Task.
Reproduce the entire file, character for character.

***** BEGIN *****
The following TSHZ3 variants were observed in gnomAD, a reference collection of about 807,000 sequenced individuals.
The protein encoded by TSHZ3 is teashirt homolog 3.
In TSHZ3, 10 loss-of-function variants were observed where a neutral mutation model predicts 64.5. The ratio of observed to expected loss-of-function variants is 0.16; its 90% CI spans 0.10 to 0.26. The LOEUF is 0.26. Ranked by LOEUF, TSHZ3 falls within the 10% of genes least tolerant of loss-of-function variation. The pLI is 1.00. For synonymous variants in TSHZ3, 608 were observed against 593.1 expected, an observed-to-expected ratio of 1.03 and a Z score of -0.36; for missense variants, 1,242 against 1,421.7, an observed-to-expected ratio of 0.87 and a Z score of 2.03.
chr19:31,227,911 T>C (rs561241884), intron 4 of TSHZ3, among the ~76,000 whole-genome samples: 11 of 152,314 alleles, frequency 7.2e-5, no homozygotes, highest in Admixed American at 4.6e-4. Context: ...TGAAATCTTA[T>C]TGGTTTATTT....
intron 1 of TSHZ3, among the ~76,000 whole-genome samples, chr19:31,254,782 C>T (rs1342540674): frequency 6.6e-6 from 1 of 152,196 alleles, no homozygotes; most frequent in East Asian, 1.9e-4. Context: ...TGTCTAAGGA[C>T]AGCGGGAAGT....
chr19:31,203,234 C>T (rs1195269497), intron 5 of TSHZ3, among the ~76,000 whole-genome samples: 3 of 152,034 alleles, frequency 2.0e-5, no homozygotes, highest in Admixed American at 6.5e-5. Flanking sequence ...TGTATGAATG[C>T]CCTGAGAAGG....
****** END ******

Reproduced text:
The following TSHZ3 variants were observed in gnomAD, a reference collection of about 807,000 sequenced individuals.
The protein encoded by TSHZ3 is teashirt homolog 3.
In TSHZ3, 10 loss-of-function variants were observed where a neutral mutation model predicts 64.5. The ratio of observed to expected loss-of-function variants is 0.16; its 90% CI spans 0.10 to 0.26. The LOEUF is 0.26. Ranked by LOEUF, TSHZ3 falls within the 10% of genes least tolerant of loss-of-function variation. The pLI is 1.00. For synonymous variants in TSHZ3, 608 were observed against 593.1 expected, an observed-to-expected ratio of 1.03 and a Z score of -0.36; for missense variants, 1,242 against 1,421.7, an observed-to-expected ratio of 0.87 and a Z score of 2.03.
chr19:31,227,911 T>C (rs561241884), intron 4 of TSHZ3, among the ~76,000 whole-genome samples: 11 of 152,314 alleles, frequency 7.2e-5, no homozygotes, highest in Admixed American at 4.6e-4. Context: ...TGAAATCTTA[T>C]TGGTTTATTT....
intron 1 of TSHZ3, among the ~76,000 whole-genome samples, chr19:31,254,782 C>T (rs1342540674): frequency 6.6e-6 from 1 of 152,196 alleles, no homozygotes; most frequent in East Asian, 1.9e-4. Context: ...TGTCTAAGGA[C>T]AGCGGGAAGT....
chr19:31,203,234 C>T (rs1195269497), intron 5 of TSHZ3, among the ~76,000 whole-genome samples: 3 of 152,034 alleles, frequency 2.0e-5, no homozygotes, highest in Admixed American at 6.5e-5. Flanking sequence ...TGTATGAATG[C>T]CCTGAGAAGG....